The great thing about the streaming video platform YouTube is the accessibility and chances it continues to give people with talent who may never get seen by the Hollywood machine. The bad thing about YouTube is that it made people like Jake Paul famous.
The Vine maker turned YouTube vlogger made a name for himself on the video service in the newly emerging category of young, rich pricks who somehow get to have a thriving music career regardless of their actual talent or even their likeability.
Pretty much everything Paul has done to make himself famous has moved society to give serious consideration to writing an apology letter to Spencer Pratt. Almost.
The former Disney Channel star somehow scored an invite to the White House, which he squandered by trying to stay overnight in a bathroom as part of a prank.
Paul turned his high priced Los Angeles neighborhood into a war zone by burning furniture in his backyard and attracting scores of hardcore "JakePaulers" to mob the block. Then he furthered his douche quotient by appearing on the local news and confirming for the cameras just how big of a conceited tool he can be. He crawled on news vans for his braying fans and his crew, which he calls "Team 10." He bragged about his fame before making fun of the reporter's fashion sense, a moment that cost him his role on Disney Channel's Bizaardvark. He's since been sued by his former landlord for trashing the massive house he rented.
He gets away with this and scores of other low moments he pulls for public attention simply because he's not his older brother Logan, who thought it would be funny to release a video featuring a dead body he and his giggly friends found in Japan's infamous "suicide forest."
Then there's Paul's "music" career. After hearing him live at the Toyota Music Factory in Irving on Thursday night before an almost capacity crowd of young kids and their very patient parents, it made me wish the venue offered some kind of mute button.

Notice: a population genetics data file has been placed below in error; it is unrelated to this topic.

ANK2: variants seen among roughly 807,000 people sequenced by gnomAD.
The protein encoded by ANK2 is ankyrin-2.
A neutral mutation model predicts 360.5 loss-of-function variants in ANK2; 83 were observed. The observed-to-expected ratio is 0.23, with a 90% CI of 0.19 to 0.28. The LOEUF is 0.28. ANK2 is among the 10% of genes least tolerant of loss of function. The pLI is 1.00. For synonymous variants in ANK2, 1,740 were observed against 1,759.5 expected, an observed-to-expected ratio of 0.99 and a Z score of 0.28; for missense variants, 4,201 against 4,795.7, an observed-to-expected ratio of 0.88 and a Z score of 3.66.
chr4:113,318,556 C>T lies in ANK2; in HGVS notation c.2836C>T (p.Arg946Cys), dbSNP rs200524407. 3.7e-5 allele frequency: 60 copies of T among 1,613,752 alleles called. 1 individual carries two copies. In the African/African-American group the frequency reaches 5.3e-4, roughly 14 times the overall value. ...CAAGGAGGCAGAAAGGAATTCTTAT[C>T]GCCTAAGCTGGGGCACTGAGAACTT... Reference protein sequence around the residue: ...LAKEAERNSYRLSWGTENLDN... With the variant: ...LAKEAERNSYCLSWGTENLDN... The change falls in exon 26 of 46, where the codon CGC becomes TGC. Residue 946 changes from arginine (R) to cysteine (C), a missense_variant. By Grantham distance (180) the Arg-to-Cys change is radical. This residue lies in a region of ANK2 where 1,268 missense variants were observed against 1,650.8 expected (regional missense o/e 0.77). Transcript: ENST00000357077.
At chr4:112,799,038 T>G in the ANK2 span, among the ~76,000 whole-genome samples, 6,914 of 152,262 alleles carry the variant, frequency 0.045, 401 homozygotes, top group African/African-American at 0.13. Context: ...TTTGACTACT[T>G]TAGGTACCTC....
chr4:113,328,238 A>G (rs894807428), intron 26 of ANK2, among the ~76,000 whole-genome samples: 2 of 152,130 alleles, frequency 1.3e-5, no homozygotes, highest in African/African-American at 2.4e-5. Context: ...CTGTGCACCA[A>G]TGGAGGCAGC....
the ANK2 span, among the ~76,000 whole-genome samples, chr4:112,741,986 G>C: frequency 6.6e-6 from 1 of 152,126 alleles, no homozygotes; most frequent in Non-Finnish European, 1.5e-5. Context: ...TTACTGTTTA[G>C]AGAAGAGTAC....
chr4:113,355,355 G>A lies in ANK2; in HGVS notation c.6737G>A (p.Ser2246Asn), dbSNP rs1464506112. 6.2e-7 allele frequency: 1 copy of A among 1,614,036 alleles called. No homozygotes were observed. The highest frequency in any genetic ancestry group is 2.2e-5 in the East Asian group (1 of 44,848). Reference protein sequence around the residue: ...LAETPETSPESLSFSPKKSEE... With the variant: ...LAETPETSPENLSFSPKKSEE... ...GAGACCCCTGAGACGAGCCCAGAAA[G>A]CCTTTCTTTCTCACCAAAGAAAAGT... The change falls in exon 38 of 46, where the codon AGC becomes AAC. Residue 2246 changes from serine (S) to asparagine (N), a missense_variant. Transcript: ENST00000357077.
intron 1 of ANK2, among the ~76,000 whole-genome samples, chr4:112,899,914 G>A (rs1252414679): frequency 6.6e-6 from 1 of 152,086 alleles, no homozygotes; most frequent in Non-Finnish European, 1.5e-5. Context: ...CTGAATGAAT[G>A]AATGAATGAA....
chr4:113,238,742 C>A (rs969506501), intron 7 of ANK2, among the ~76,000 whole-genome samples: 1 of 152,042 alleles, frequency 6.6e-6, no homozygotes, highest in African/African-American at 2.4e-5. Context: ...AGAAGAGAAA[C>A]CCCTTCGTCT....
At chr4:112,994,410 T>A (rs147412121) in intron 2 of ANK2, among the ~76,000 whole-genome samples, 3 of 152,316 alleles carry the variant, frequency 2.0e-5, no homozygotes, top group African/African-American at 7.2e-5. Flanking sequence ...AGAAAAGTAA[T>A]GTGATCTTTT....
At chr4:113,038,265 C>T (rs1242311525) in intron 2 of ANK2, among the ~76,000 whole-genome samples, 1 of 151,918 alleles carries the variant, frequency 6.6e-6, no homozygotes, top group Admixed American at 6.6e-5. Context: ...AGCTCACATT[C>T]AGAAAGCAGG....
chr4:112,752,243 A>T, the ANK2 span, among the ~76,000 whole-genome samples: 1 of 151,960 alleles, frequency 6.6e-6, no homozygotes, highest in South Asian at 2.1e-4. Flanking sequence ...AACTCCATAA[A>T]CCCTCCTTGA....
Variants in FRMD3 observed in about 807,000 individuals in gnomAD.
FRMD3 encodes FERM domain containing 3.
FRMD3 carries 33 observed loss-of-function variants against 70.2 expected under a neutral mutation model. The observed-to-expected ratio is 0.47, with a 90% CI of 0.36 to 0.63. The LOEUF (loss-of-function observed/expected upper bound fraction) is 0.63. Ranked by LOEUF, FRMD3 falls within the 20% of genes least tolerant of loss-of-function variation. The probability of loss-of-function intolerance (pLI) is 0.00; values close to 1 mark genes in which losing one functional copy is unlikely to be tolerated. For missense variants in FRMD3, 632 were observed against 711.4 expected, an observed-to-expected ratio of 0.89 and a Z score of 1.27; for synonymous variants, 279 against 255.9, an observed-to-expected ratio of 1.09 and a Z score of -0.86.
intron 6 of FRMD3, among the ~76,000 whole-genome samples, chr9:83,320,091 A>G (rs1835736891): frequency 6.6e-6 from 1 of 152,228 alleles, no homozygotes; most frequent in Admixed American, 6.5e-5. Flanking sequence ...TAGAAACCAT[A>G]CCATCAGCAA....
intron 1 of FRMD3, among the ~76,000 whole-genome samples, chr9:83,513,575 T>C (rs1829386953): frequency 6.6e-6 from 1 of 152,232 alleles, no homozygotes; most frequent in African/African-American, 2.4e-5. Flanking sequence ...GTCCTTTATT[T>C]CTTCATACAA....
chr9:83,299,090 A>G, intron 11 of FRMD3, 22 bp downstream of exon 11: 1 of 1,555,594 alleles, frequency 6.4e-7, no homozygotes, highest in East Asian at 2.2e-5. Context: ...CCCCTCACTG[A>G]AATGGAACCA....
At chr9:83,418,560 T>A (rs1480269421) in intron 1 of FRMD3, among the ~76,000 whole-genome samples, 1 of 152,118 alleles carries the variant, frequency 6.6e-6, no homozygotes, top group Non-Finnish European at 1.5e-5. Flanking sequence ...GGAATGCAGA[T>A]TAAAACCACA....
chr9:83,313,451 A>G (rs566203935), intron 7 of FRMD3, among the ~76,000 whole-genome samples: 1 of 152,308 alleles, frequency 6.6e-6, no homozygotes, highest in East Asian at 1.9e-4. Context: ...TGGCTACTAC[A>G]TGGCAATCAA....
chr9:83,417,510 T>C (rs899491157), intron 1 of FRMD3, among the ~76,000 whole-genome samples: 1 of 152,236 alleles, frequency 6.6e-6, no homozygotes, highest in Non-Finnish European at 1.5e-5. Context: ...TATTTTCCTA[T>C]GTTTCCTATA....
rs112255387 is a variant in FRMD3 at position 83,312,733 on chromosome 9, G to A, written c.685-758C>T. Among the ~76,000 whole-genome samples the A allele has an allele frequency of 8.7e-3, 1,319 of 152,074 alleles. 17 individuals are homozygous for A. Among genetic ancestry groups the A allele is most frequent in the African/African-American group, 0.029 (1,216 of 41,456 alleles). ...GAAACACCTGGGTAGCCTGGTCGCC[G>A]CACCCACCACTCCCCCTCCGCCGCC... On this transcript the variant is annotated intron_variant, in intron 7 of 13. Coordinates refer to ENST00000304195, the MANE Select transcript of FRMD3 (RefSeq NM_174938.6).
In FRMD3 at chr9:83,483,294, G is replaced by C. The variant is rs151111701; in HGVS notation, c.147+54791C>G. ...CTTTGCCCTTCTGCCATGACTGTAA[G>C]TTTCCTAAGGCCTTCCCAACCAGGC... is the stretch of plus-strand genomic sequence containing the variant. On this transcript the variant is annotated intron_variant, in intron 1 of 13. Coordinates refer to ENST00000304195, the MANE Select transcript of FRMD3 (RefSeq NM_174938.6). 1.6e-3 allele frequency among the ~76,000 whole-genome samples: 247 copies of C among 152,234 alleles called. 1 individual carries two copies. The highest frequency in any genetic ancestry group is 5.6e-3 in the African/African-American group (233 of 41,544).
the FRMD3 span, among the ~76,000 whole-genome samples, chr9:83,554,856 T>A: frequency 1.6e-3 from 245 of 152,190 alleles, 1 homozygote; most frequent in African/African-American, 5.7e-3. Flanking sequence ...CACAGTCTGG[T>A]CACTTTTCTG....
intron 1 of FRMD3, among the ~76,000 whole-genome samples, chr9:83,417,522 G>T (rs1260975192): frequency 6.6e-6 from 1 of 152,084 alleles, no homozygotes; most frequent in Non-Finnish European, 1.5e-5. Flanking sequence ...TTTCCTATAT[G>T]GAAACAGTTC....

It appears that Paul and his five-deep Team 10 crew are performing music, but the majority of them let the electronic backup music, overused bass and the crowd reciting their super weak lyrics do all the work for them. When they jump to the beat, it's less than an inch from the ground. Their freestyles consist solely of phrases like "Let's go" and "Ho, ho."
The show opens with Team 10 member and singer Sunny Malouf. She's got some soul and rhythm and knows how to play the piano, so there's a semblance of musical talent there, but Paul's presence gets in the way of it. He can't resist inserting himself into her solo performance with photos of himself and his crew and the prank videos he's filmed with her flashing on the stage's giant screens. Any genuine feelings of appreciation for her talent are lost under layers of hate sediments that have started forming before Paul is physically on the stage.
Paul appears 30 minutes later asleep in a bed that's meant to represent the one in his native Ohio. He dreams of going to Hollywood when he suddenly wakes up and jumps out of bed dressed in his Zack Morris cosplay.
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He talks about wanting to leave dreary old Ohio where nothing happens (does he flip the script when he performs in Ohio?) and go to Los Angeles where he can make something of himself so he can go on tour to places like New York, Florida and Texas, wasting no time getting an obligatory, regional shout-out just one minute into his set, a surefire sign the show will suck.
Then his DJ introduces members of Team 10, or at least the ones who haven't quit yet because of bad business practices or outright abuse. The DJ calls Anthony Trujillo the guy who's "best known for pooping on Jake Paul's pillow" and Justin Roberts as "the youngest kid to ever buy a Ferrari."
Then they launch into their awful rap songs starting with "Ohio's Where I'm From" and the show quality starts its steep drop toward oblivion. Almost every subsequent song just brings the show lower and lower into some kind of mass enhanced interrogation session, as if the CIA is trying to get all of its information in one giant cram session. Paul made me want to apologize for everything I've ever said about Macklemore.
Paul's performance and weak lyrics in other songs like "Ohio Fried Chicken" and "Cartier Vision" produce as much electricity as a potato battery, but they could have been entertaining on an unintentionally funny level if he actually put in any effort into anything he did on stage. He barely moves when he dances and just recites lyrics rather than performs them. The sketches between the songs are straight out of a Bible summer camp variety show. Paul performs like he knows he doesn't have to do anything more than stand on a stage to please the JakePaulers in the room.